Mayor Martin J. Walsh is looking to increase daily COVID-19 testing of Boston residents by more than a third in coming weeks, his office announced Wednesday.
Walsh hopes to reach an average of at least 1,500 diagnostic tests per day for city residents during the next phase of testing expansion in Boston, with such a push targeting the most vulnerable neighborhoods. Currently, about 1,100 tests are being conducted per day on city residents, a figure that has increased from the previous week’s average of 680 per day, authorities said.
The city is looking to increase the number of community health centers that are offering testing, according to Walsh’s office. Officials aim to increase the testing capacity of such centers by 50 percent in the next month. additionally, city authorities have plans to partner with two hospitals to expand testing in coming weeks.
More than 10,200 city residents are confirmed COVID-19 cases. That caseload included 449 deaths as of Tuesday.
“Testing helps people get the care they need and avoid passing the virus on to others,” said Walsh in a statement. “Increasing our testing efforts allows our public health experts to better track the outbreak and it will continue to be essential in our progress toward recovery."
He continued, "Public health models tell us that the more testing we can do, the more we can reduce our positive infection rate, giving us the data and confidence we need to move forward safely.”
Walsh, along with officials from the Boston Resiliency Fund, also announced Wednesday the distribution of $1 million in grants. The fund has raised more than $29 million to help with the local response to the public health crisis, and this round of funding is focused on the expansion of testing at community health centers, among other initiatives, authorities said. The city is currently offering testing in five hospitals and 18 health centers, and residents are encouraged to call ahead for pre-screening and to schedule an appointment.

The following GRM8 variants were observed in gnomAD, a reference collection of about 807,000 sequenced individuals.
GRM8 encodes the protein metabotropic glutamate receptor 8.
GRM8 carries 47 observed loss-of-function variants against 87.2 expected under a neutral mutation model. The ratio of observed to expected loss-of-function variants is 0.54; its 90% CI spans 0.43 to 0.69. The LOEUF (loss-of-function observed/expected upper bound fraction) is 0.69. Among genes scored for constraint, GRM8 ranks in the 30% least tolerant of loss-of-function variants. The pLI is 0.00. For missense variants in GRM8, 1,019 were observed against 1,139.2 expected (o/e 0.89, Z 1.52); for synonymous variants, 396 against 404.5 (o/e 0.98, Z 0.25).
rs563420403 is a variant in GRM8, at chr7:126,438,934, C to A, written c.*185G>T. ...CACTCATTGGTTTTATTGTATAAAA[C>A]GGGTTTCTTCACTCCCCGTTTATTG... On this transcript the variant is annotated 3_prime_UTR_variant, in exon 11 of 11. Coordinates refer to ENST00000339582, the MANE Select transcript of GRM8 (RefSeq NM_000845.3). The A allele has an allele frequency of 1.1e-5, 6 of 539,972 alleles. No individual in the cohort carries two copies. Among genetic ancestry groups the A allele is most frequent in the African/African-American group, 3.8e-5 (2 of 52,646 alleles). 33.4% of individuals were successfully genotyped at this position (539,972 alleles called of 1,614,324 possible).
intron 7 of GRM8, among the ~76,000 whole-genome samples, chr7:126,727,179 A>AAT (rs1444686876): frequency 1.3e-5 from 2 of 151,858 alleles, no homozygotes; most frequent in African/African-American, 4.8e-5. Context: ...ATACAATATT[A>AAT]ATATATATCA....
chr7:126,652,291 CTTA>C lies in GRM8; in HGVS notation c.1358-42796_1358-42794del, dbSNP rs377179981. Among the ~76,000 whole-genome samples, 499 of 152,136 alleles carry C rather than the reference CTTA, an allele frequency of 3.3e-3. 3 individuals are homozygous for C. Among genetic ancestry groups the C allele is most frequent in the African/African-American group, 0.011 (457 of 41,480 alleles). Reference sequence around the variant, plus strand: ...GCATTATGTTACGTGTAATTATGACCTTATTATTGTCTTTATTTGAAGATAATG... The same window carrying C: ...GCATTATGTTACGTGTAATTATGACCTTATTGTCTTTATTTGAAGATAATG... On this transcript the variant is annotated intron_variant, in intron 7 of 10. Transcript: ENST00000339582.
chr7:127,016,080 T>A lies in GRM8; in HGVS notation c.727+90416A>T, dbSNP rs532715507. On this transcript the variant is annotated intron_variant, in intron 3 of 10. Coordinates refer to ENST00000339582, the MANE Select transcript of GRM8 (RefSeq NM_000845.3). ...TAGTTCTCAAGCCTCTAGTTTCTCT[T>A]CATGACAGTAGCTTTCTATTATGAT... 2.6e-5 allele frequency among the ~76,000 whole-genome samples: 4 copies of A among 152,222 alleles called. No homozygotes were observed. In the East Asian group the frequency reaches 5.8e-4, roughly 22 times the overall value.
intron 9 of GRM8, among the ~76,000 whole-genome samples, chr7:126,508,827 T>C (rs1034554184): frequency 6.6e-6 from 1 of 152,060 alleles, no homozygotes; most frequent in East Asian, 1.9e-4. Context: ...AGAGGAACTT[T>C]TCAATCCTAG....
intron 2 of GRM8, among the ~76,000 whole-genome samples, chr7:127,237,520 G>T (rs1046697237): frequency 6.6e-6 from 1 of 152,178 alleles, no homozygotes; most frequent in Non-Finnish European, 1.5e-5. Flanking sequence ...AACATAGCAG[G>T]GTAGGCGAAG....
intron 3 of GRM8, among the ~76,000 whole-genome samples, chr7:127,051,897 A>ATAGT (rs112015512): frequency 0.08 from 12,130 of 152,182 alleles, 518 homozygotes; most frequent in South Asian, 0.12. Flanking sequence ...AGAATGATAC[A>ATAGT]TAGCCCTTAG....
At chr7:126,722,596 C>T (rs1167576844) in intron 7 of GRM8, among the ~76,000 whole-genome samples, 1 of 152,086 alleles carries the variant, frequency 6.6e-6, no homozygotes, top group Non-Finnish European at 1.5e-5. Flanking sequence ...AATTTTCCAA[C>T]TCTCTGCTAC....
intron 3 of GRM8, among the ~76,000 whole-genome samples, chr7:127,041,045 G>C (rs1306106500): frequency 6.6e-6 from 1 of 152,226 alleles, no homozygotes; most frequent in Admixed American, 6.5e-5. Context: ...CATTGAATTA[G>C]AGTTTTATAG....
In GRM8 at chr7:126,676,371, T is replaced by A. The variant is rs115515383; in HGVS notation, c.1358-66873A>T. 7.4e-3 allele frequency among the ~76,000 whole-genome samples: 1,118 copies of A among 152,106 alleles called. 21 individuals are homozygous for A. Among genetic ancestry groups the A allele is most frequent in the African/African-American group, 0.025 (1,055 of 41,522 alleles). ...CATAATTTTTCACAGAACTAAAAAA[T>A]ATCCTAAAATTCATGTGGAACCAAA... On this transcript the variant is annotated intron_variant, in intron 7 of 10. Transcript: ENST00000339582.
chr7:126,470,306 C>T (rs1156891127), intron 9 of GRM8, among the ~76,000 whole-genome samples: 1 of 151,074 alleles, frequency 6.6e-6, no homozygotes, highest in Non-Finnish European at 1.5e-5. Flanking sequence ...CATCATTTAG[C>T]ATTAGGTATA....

Authorities are also looking to expand mobile testing capacity in Boston, with the goal of averaging 150 residents a day and an operation that is active six days a week.
Boston continues to work to complete universal testing for homeless people in the city, according to Walsh’s office. Earlier this week, Walsh said there have been nearly 600 confirmed novel coronavirus cases among that population, including two deaths. Once universal testing is done for the homeless public health officials will start universal testing for other “high-impact populations and sites, including first responders,” according to Walsh’s office.
All told, about 28,000 Boston residents have been tested for COVID-19, which represents about 4 percent of the city’s population. The confirmed case rate has decreased from almost 34 percent to 32 percent during the last week, according to city authorities.
East Boston, which has the highest rate of positive coronavirus results of any city neighborhood, saw testing increase by 76 percent during the last week, officials said.
Meanwhile, a Massachusetts General Hospital study aims to gauge what percentage of people may have been exposed without developing symptoms, city authorities said in late April. The program calls for testing 1,000 asymptomatic residents for coronavirus antibodies in their blood. The tests focus on on East Boston, Roslindale, and parts of Dorchester. Researchers have said testing is a foundation upon which policymakers can determine when the state can safely fully reopen.
Antibody testing, which is different from conventional tests for active cases of the virus, looks for the presence of antibodies, which are created by the immune system in response to the virus and can remain after recovery. That type of testing is not yet widely available, and some scientists have raised concerns about the reliability of antibody tests developed for the new virus.
Walsh’s office said Wednesday that data from the Mass. General study is expected to be available next week. Once that study is done, the city will look “to expand antibody testing to more Bostonians including targeted populations such as first responders,” according to Walsh’s office.
Previous Globe coverage was used in this report.